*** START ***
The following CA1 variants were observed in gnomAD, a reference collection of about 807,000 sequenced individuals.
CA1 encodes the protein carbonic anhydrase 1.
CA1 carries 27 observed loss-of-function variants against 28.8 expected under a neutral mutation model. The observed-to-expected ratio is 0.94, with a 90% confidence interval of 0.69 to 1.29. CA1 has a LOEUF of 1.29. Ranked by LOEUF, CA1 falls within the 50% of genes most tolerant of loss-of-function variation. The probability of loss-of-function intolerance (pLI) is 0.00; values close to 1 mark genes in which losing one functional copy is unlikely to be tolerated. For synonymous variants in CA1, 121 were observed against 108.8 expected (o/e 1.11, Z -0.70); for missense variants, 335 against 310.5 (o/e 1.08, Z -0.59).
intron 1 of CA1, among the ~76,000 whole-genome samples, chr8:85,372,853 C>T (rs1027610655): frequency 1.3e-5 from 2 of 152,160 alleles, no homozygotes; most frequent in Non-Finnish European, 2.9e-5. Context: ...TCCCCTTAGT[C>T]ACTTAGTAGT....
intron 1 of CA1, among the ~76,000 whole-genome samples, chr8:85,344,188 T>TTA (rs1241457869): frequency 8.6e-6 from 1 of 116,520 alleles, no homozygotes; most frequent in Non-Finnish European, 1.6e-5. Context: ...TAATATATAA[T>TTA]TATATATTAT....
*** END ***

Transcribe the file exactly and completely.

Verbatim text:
The following CA1 variants were observed in gnomAD, a reference collection of about 807,000 sequenced individuals.
CA1 encodes the protein carbonic anhydrase 1.
CA1 carries 27 observed loss-of-function variants against 28.8 expected under a neutral mutation model. The observed-to-expected ratio is 0.94, with a 90% confidence interval of 0.69 to 1.29. CA1 has a LOEUF of 1.29. Ranked by LOEUF, CA1 falls within the 50% of genes most tolerant of loss-of-function variation. The probability of loss-of-function intolerance (pLI) is 0.00; values close to 1 mark genes in which losing one functional copy is unlikely to be tolerated. For synonymous variants in CA1, 121 were observed against 108.8 expected (o/e 1.11, Z -0.70); for missense variants, 335 against 310.5 (o/e 1.08, Z -0.59).
intron 1 of CA1, among the ~76,000 whole-genome samples, chr8:85,372,853 C>T (rs1027610655): frequency 1.3e-5 from 2 of 152,160 alleles, no homozygotes; most frequent in Non-Finnish European, 2.9e-5. Context: ...TCCCCTTAGT[C>T]ACTTAGTAGT....
intron 1 of CA1, among the ~76,000 whole-genome samples, chr8:85,344,188 T>TTA (rs1241457869): frequency 8.6e-6 from 1 of 116,520 alleles, no homozygotes; most frequent in Non-Finnish European, 1.6e-5. Context: ...TAATATATAA[T>TTA]TATATATTAT....